There are many reasons to eat flaxseed: they're full of omega-3s and fiber and help promote healthy digestion, to name a few. Besides sprinkling flaxseed over a salad or cereal, it's also really easy to incorporate them into recipes. The best part is, flaxseeds don't really change how a recipe tastes, so no one will guess they just got a megadose of nutrition.
Flaxseeds are so popular that it seems like they're being added to just about everything from bread to corn chips to cereal. They're high in fiber and a great source of omega-3s (especially if you don't eat fish). You can also buy them separately to add to your own foods, but should you pick up whole flaxseeds, the kind that are ground up, or the oil made from the seeds?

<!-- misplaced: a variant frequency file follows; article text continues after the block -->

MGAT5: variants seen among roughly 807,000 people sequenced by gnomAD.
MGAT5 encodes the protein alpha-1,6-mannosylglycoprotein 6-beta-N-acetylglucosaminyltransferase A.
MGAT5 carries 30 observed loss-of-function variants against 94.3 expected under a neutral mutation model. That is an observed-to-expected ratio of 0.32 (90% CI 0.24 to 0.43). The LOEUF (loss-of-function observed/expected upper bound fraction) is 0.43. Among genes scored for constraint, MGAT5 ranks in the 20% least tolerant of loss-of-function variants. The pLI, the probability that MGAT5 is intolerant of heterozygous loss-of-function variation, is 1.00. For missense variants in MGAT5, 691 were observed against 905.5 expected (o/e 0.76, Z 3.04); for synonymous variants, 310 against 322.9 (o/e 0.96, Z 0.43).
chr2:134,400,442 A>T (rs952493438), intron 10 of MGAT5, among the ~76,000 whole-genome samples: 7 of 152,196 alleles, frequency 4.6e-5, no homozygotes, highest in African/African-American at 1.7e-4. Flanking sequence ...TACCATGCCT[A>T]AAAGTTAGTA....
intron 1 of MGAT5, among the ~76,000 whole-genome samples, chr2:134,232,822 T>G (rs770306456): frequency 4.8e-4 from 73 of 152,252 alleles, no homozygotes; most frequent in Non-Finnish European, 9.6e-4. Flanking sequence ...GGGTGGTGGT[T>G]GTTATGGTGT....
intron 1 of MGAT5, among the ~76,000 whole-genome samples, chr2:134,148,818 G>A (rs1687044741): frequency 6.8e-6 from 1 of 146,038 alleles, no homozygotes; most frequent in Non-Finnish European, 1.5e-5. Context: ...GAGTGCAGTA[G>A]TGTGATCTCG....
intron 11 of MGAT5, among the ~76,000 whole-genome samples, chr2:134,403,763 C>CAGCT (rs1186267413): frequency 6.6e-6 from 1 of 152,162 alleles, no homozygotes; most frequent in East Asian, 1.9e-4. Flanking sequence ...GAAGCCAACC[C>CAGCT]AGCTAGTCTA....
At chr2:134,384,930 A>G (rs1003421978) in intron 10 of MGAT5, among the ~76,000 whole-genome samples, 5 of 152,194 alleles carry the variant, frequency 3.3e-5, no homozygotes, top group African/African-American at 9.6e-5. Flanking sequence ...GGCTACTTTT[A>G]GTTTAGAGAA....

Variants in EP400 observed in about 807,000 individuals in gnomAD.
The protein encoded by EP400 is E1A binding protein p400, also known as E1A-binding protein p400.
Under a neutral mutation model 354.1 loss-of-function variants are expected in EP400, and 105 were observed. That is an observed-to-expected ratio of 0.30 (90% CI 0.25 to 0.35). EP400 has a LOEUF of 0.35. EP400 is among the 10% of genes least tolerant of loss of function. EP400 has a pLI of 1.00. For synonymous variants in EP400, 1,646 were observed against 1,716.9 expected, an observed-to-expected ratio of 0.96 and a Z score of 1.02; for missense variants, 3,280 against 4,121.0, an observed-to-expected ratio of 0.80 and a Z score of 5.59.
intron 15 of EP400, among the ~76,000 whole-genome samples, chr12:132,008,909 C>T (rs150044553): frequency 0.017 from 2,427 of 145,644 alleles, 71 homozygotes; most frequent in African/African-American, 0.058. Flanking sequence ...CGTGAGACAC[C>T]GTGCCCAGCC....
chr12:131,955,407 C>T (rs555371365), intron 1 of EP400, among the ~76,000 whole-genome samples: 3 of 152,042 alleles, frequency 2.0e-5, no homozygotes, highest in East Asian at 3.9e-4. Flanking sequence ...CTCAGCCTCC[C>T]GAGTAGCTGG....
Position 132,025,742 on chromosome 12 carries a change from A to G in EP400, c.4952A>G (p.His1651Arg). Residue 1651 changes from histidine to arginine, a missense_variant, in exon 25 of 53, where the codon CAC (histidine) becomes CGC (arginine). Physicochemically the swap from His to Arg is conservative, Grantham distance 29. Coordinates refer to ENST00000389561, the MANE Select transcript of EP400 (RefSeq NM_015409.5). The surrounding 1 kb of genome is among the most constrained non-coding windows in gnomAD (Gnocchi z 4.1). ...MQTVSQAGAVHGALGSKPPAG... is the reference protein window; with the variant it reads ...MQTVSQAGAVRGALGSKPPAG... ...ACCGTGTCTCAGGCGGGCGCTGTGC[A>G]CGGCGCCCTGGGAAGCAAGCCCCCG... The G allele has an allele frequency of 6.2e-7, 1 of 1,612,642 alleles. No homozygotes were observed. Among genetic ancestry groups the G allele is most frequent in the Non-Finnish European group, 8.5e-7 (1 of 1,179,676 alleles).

All three forms of flax are best suited for different needs. Whole flaxseeds are good for topping cereal or salads or for baking. You might not like the texture, so that's where ground flaxseeds come in. Stir the powder into your oatmeal, add it to pancake batter, or mix it into your smoothies. Flaxseed oil is great stirred into salad dressings, mixed into yogurt, or drizzled on roasted veggies.
When you look at them nutritionally, there's a pretty big difference. I made a handy little chart, so keep reading to see how they compare.